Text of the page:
Ascending Mt. Everest through soaring flight

Edward (Ward) Hindman


Mt. Everest has been climbed from all major approaches but one: an ascent from near it base to it summit in a sailplane using the rising air expected to flow over the massif. The diplomatic, logistical, aircraft and meteorological requirements for such a flight appear achievable. The required meteorological conditions are a deep, dry, moderately-strong, stably-stratified airflow from the southwest over the massif. A flight track is estimated through graphical analyses of expected hill-lift between Namche Bazar, Nepal, and the Everest summit 28 km to the NE. The flight analyses indicate that a soaring ascent may be possible. However, like any of the previous climbing ascents of Everest, the actual ffight may be a series of climbs and retreats. Accumulated skills and knowledge plus a measure of luck should lead to a successful flight.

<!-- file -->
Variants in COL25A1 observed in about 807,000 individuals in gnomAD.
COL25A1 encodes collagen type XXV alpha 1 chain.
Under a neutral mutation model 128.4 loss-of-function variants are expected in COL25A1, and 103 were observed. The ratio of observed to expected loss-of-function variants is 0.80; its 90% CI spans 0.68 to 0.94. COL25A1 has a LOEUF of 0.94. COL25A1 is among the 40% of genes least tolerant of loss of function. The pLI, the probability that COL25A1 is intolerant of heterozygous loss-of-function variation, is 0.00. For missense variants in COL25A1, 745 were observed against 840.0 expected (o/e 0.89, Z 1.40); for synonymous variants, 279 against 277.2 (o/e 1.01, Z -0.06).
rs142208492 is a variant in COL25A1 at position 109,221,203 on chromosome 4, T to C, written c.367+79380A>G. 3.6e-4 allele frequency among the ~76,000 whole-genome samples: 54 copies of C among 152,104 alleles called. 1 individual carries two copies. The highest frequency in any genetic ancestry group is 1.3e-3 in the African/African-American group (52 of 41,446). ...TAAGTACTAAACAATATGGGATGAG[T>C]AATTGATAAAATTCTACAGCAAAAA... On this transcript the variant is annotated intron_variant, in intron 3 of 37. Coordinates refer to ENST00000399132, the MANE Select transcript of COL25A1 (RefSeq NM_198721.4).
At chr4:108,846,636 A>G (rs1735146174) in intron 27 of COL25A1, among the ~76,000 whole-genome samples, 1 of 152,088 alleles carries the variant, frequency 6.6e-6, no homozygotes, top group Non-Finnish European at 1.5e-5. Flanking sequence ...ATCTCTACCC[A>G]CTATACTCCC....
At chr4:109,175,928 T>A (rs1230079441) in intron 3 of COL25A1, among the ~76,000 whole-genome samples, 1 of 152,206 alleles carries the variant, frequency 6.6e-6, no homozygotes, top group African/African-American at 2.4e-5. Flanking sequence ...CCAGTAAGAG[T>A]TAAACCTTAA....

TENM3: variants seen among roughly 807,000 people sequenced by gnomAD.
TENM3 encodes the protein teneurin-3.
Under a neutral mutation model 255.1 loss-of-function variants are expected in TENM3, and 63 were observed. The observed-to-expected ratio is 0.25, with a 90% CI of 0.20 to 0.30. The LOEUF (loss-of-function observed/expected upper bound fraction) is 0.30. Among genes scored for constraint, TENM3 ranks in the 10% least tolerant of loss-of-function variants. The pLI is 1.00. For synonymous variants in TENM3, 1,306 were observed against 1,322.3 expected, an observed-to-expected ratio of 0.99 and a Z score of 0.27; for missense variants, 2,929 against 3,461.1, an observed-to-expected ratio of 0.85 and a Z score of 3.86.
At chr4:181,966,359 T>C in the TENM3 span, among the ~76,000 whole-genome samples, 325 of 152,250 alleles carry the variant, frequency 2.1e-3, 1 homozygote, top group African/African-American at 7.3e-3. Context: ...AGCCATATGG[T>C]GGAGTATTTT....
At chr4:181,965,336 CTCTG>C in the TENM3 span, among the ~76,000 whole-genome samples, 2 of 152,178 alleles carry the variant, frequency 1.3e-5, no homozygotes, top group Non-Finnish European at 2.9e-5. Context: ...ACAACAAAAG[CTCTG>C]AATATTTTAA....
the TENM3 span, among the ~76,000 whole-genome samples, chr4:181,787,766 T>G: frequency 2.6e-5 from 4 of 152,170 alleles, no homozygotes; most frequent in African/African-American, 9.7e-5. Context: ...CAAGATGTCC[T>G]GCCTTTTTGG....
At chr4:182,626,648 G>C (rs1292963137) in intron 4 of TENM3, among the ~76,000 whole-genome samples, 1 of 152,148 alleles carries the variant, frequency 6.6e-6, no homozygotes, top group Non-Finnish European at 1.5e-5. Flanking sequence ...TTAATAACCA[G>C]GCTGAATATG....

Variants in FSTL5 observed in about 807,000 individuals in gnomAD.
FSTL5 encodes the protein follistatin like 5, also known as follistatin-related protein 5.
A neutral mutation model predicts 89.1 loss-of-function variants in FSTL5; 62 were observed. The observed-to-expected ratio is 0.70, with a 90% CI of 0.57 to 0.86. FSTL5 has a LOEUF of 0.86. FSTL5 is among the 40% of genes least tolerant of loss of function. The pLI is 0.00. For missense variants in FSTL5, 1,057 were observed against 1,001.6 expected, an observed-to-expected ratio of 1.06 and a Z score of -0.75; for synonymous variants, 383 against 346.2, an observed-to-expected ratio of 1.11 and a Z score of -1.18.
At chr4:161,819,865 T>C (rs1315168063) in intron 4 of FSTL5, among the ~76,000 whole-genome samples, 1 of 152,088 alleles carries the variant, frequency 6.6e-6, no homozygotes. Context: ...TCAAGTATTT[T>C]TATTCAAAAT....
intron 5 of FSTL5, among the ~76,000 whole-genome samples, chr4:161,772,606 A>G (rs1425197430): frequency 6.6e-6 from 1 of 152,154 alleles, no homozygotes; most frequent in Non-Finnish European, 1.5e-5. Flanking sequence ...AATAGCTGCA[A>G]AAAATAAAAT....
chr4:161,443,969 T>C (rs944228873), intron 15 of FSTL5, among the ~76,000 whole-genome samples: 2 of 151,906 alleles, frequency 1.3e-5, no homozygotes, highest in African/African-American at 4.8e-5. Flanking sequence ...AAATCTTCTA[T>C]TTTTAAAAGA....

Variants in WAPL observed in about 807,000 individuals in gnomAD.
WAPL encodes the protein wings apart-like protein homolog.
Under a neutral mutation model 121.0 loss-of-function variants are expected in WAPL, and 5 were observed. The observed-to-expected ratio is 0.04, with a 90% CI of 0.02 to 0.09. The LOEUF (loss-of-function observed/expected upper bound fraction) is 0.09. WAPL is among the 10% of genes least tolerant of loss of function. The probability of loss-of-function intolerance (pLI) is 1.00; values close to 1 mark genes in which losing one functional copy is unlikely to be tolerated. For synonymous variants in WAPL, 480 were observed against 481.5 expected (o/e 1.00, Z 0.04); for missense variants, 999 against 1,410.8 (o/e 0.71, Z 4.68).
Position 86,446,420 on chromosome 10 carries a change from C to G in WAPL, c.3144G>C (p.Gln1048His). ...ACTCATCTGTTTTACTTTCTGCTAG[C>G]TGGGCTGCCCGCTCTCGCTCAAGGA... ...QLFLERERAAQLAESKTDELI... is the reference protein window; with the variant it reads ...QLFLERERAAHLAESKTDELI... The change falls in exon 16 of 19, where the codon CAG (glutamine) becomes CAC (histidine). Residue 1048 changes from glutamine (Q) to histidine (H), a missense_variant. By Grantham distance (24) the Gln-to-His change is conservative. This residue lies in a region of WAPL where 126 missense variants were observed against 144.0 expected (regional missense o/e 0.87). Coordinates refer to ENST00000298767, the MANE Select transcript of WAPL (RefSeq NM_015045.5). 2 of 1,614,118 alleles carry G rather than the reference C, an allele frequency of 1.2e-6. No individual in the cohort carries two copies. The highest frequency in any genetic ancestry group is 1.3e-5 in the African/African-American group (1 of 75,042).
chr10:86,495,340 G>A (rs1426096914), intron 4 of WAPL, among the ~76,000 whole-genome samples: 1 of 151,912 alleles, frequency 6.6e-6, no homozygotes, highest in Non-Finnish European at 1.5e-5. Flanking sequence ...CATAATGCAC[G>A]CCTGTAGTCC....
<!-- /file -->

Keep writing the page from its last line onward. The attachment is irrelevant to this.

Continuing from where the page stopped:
Meteorology, Atmospheric physics

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